TORONTO – Canadian fashion designers and organizations are showcasing sustainable, ethical fashion as an alternative to large global brands that profit from hazardous working conditions and unfair labour practices.
On Wednesday morning an eight-story garment factory crumbled to the ground, killing over 300 people.
The collapse of Dhaka’s Rana Plaza has drawn international attention to notoriously unsafe working conditions and brought renewed scrutiny to Bangladesh’s $20 billion clothing industry.
The factory manufactured clothing for major clothing lines around the world, including The Children’s Place, Spain’s Mango, Britain’s Primark, Italy’s Benetton and Canadian brand Joe Fresh.
The news has prompted many Canadians to question the clothing on their back, where it’s made, and under what conditions.
But for Canadian consumers, finding ethical, sustainable fashion isn’t necessarily easy.
Even if a garment label reads “Made in Canada” the components of the item could come from elsewhere, said Brenna Donoghue, president of marketing for Ethical Ocean, a Toronto-based company featuring fair trade, organic and eco-friendly products.
Vanja Vasic, executive director of Fashion Art Toronto (FAT) agrees the “Made in Canada” label is unclear. “How much of it is made in Canada versus somewhere else,” Vasic asked. “It’s a concern that you don’t necessarily know where a product is made,” she said.
Friday night in Toronto, FAT – now in its eighth year – is showcasing Fashion Takes Action, a non-profit organization that promotes and advocates for sustainability in the fashion industry.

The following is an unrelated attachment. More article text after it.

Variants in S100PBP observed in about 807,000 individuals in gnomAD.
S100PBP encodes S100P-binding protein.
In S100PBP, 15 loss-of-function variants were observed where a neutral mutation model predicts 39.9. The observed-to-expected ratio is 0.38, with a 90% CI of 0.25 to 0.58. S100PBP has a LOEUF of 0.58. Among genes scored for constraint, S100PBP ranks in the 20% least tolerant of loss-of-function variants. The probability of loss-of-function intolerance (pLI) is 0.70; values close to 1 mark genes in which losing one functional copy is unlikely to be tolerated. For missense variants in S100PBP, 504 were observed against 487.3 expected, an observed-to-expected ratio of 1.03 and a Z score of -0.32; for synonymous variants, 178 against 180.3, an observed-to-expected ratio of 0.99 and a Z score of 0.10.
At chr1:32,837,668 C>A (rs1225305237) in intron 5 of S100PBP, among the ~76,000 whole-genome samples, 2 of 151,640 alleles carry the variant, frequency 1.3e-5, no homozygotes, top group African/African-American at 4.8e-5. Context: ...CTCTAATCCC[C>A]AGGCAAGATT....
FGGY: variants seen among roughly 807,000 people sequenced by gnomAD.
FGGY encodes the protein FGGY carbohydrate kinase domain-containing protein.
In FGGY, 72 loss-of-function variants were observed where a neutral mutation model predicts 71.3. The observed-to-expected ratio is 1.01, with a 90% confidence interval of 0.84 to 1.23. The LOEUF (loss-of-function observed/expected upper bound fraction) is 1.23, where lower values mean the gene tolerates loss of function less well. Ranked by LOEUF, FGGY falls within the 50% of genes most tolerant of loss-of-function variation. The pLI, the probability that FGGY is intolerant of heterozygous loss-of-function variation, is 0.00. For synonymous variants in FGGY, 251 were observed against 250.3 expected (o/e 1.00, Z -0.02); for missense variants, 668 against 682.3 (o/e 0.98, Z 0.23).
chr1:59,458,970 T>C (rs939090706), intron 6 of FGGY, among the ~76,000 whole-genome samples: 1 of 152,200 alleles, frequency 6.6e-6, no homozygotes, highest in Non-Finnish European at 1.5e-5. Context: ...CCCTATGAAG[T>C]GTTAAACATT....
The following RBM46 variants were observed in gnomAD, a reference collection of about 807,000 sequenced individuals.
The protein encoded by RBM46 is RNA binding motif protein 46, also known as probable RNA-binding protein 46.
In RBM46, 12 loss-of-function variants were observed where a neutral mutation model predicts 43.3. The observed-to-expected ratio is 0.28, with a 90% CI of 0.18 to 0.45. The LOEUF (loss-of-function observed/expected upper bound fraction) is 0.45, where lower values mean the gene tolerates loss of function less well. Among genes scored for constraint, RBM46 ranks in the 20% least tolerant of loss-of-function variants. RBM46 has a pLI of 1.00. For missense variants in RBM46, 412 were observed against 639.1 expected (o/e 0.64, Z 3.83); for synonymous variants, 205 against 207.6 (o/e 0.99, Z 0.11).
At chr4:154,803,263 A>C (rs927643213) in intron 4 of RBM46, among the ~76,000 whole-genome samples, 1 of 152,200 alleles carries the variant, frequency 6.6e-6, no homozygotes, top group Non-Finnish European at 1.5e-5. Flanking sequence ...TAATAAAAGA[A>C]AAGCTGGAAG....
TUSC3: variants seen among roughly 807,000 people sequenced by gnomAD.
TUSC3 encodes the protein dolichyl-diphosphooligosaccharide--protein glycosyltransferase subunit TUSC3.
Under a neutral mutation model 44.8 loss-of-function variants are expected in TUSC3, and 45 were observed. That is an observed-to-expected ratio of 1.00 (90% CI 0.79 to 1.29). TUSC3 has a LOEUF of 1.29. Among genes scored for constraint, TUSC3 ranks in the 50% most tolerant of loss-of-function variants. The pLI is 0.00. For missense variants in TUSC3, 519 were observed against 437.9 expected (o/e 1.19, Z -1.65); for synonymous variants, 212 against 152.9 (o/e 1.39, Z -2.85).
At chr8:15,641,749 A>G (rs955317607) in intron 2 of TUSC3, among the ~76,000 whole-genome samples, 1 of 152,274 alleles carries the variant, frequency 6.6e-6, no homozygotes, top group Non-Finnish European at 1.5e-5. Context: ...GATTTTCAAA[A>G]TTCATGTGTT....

Tonight’s event downtown Toronto features three designers – NationWares, Local Buttons and the Azadi Project – with the theme of global connectivity and “ethically sound fashion produced by artisans around the world.”
“More designers are thinking about sustainability, how their clothes are made and where their materials are from,” said Vasic.
NationWares works with international partners designing fair trade jewellery and accessories made from local, renewable resources. The non-profit organization promotes fair employment for people with exceptional needs, including disabilities, HIV/AIDS and extreme poverty.
Local Buttons features refurbished materials found in Port-au-Prince’s second-hand markets. The Canadian company promotes sustainable, fair-wage jobs in Haiti, while breathing “new life into old materials.”
Azadi Project works to promote the craft of disadvantaged artisans in Bangladesh, Pakistan and Uzbekistan, through fair wages and safe work environments.
In addition to supporting companies that adhere to ethical workplace practices, experts also suggest consumers buy local.
Every year FAT features local and emerging designers. “A lot of them are literally creating their own clothing,” said Vasic. “It’s a great way to support local design and take a stand against unfair labour practices.”
Local shops may also be able to provide consumers with information on where garments are made.
Compared to large stores, small local shops “can really give you a far better sense of how those products were made, even the conditions of the factories where they were made,” said Dara O’Rourke, co-founder of GoodGuide, an online resource that gives products health, environmental and ethical ratings.
Everyone wants high-quality products at a good price, but there are costs to those low prices, O’Rourke said.
“If you walk into a Joe Fresh or Wal-Mart or a Sears or a Target or whatever and you see a polo shirt and it’s $5.99…the next thought should be: ‘What is the company doing to lower their cost of production so much? Are they outsourcing the responsibility on treating workers fairly? Are they outsourcing and externalizing the environmental costs of this?”‘ he said.
O’Rourke urges consumers to hold brands and retailers accountable, by asking companies where their products are manufactured, and using public forums – such as Twitter and Facebook – to ask questions.
“The thing that we’ve seen in the U.S. that is most effective actually is people tweeting their questions or putting their questions on Facebook or circulating their questions among their friends and using social media,” he said.
With files from the Canadian Press